John Roger Wilkinson: [Heath 1942–1949]

After a long illness, patiently borne, and increasingly poor eyesight, the death took place of John Roger Wilkinson (always known as Roger) on 29th September 2004. Born in Halifax on 15th June 1931, his father and two uncles had a family engineering business, William Wilkinson and Co. just above Cow Green, where they produced small parts for the woollen mills of the West Riding. His mother, who became librarian at the Boothtown branch library, was adamant that he should not enter the family business and work such long hours, so that after he left Heath, he took up a place at Manchester University to study Mathematics.

Roger left Heath Grammar School in 1949 — remembered as a tall, statesman-like character with dark hair and glasses giving him a wise and learned countenance, always welcoming and helpful, but with a slightly distant air. His poor eyesight exempted him from active National Service, and he spent six years at De Havilland’s at Hatfield in Hertfordshire, where he worked on the aerodynamics of military planes. At the end of this compulsory stint, he ventured into oil exploration with Seismographic Services Ltd. As an engineer he produced field data and records which were then computed into sub-surface contour maps for companies like Shell and Mobil.

At this time he met and married Muriel, one of the team responsible for the production of the maps. They were married on 19th August 1959 during Roger’s mid-contract leave from the company, and Muriel joined him for his second year in the Niger Delta, where she taught geography in one of the few girls’ boarding schools in Nigeria which happened to be near-by.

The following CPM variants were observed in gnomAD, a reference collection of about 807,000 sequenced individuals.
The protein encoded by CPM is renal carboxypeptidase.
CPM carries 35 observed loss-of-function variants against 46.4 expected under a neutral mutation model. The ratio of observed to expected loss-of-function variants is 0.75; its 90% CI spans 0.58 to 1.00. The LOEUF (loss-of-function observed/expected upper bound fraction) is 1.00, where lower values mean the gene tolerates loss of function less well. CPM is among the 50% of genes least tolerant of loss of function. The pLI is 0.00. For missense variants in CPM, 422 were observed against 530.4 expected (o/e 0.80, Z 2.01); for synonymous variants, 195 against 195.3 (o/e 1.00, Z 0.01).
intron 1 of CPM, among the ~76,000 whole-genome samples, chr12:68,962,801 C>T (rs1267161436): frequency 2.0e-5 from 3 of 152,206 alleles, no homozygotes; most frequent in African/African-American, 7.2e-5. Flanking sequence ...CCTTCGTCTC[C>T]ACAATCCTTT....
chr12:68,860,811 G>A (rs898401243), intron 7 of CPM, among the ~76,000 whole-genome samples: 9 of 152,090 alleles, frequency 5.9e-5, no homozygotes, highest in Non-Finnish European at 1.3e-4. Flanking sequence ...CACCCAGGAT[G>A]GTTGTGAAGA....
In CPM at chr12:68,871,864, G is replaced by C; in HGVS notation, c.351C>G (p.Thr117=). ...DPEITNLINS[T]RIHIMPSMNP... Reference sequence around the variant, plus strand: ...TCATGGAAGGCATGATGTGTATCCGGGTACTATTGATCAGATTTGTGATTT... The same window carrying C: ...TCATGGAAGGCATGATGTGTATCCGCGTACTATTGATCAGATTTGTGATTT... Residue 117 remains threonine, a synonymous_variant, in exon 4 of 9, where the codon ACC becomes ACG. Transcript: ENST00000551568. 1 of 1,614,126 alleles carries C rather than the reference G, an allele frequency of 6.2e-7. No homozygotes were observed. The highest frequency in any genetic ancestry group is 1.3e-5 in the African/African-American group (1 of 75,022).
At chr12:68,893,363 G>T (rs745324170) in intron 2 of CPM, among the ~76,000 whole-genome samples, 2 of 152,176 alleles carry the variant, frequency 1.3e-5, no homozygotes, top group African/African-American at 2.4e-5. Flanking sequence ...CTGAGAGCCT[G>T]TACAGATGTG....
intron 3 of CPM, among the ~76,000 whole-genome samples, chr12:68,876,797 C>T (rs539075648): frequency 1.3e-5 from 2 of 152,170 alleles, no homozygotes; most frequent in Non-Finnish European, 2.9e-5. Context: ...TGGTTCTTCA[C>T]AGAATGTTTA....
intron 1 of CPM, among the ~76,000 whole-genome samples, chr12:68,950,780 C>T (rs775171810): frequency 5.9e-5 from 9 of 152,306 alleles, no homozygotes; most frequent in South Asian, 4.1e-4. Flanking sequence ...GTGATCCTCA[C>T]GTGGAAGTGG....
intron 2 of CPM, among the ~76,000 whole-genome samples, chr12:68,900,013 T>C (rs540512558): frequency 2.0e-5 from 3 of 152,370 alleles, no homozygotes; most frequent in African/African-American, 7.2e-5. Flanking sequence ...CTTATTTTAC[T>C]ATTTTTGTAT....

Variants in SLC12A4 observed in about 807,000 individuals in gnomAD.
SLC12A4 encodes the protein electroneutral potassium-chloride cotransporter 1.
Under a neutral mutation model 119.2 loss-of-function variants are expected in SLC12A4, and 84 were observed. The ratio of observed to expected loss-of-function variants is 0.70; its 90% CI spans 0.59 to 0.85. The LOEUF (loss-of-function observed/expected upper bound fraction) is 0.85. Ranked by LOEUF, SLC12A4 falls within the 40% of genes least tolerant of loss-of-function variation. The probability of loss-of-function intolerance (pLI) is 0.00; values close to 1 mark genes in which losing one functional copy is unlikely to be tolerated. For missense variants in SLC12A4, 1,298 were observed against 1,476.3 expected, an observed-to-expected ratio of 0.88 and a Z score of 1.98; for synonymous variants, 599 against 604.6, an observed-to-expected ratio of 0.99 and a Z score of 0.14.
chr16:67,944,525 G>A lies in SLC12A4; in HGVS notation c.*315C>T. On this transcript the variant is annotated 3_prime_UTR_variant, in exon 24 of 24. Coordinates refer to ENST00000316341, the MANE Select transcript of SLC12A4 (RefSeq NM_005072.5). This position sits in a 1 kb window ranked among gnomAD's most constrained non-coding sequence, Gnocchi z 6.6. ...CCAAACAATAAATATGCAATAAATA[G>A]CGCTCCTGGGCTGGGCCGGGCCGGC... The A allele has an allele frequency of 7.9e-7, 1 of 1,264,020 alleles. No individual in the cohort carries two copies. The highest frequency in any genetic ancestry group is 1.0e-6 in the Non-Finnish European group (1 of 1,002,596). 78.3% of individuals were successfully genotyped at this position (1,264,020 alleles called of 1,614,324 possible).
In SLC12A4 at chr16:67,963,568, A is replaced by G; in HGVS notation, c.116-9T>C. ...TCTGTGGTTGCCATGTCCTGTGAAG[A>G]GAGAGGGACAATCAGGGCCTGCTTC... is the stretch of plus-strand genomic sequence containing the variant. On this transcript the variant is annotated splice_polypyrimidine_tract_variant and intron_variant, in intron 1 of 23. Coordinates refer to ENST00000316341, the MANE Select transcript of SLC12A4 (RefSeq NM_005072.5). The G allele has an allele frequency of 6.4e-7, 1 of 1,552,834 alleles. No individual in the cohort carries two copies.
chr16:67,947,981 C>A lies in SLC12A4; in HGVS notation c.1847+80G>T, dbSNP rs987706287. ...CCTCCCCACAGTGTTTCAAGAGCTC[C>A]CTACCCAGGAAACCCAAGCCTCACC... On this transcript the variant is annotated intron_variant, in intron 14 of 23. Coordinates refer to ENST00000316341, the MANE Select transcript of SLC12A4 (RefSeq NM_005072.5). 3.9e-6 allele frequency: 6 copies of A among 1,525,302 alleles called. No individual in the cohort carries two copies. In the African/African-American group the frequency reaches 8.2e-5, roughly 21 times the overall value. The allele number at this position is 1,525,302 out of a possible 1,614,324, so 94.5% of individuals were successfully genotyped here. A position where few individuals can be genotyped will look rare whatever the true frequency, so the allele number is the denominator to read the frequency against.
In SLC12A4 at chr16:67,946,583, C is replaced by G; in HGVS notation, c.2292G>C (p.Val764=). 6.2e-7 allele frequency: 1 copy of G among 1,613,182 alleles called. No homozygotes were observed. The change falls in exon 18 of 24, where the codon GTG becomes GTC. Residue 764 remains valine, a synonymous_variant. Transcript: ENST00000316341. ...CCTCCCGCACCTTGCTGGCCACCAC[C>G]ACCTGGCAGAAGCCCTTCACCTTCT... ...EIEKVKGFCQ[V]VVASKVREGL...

They then returned to Britain, and settled down in Derby with Roger working in the aero engine division of Rolls Royce, and enjoyed ten years of family life when all three of the children — two daughters and a son — were born. Roger moved into management services, but a growing dislike for military hardware led him in 1971 to Kendal to join Westmorland Country Council, which a few years later became Cumbria County Council. He became a roving trouble-shooter in management services for the County Council, which gave rise to a family joke that when their children were asked, What does your daddy do? they usually replied, He walks around, looking inscrutable, carrying a notebook!

Sadly, he contracted Hodgkin’s disease in 1984, and although chemotherapy and radiation cured the cancer, they affected his lungs, and about 2000 his lungs and heart began to weaken. However, Muriel and the family felt that they were fortunate that he had twenty years of ’borrowed’ time, as at the time he was cured of cancer, a five year survival rate was thought to be a success. He took early retirement in 1988, and by the time he died, all three children had married and had produced two grandchildren each.

The greatest development in his life was when he met, in the course of his work, a member of the Bahá'í Faith and finding their beliefs matched his own in survival and ecology he became a member in 1973. After his retirement he continued active Bahá'í work, and also worked for WWF (World Wide Fund for Nature), WDM (World Development Movement), UNA (United Nations Association) and FOE (Friends of the Earth). He also had a lifelong love of music, developed through the use of a pianola belonging to some relatives, and which now stands in the lounge at home. His short sight had prevented him ever learning to play an instrument.

The Heath Old Boys’ Association sends their deepest sympathy and condolences to his widow, Muriel, their children, Susan, Elizabeth and Andrew, their husbands and wife, his six grandchildren, and also to his sister, Margaret.